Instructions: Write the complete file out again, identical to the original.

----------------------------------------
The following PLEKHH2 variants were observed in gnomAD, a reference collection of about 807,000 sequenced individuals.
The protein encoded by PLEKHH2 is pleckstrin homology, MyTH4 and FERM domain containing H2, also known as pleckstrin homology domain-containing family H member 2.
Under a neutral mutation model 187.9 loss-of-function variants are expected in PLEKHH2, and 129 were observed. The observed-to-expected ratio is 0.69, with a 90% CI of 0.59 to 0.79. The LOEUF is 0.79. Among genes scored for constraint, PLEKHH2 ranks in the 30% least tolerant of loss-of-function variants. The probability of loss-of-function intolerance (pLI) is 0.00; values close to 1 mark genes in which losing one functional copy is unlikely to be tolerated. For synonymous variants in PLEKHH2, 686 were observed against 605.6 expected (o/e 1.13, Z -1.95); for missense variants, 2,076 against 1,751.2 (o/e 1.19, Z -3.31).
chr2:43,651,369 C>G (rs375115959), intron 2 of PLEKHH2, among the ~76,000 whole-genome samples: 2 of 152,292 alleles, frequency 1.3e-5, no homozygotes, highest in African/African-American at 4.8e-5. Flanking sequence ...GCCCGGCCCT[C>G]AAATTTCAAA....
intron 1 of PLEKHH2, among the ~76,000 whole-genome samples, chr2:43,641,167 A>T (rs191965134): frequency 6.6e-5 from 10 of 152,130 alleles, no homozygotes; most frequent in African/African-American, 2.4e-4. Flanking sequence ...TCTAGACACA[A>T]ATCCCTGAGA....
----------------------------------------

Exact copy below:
The following PLEKHH2 variants were observed in gnomAD, a reference collection of about 807,000 sequenced individuals.
The protein encoded by PLEKHH2 is pleckstrin homology, MyTH4 and FERM domain containing H2, also known as pleckstrin homology domain-containing family H member 2.
Under a neutral mutation model 187.9 loss-of-function variants are expected in PLEKHH2, and 129 were observed. The observed-to-expected ratio is 0.69, with a 90% CI of 0.59 to 0.79. The LOEUF is 0.79. Among genes scored for constraint, PLEKHH2 ranks in the 30% least tolerant of loss-of-function variants. The probability of loss-of-function intolerance (pLI) is 0.00; values close to 1 mark genes in which losing one functional copy is unlikely to be tolerated. For synonymous variants in PLEKHH2, 686 were observed against 605.6 expected (o/e 1.13, Z -1.95); for missense variants, 2,076 against 1,751.2 (o/e 1.19, Z -3.31).
chr2:43,651,369 C>G (rs375115959), intron 2 of PLEKHH2, among the ~76,000 whole-genome samples: 2 of 152,292 alleles, frequency 1.3e-5, no homozygotes, highest in African/African-American at 4.8e-5. Flanking sequence ...GCCCGGCCCT[C>G]AAATTTCAAA....
intron 1 of PLEKHH2, among the ~76,000 whole-genome samples, chr2:43,641,167 A>T (rs191965134): frequency 6.6e-5 from 10 of 152,130 alleles, no homozygotes; most frequent in African/African-American, 2.4e-4. Flanking sequence ...TCTAGACACA[A>T]ATCCCTGAGA....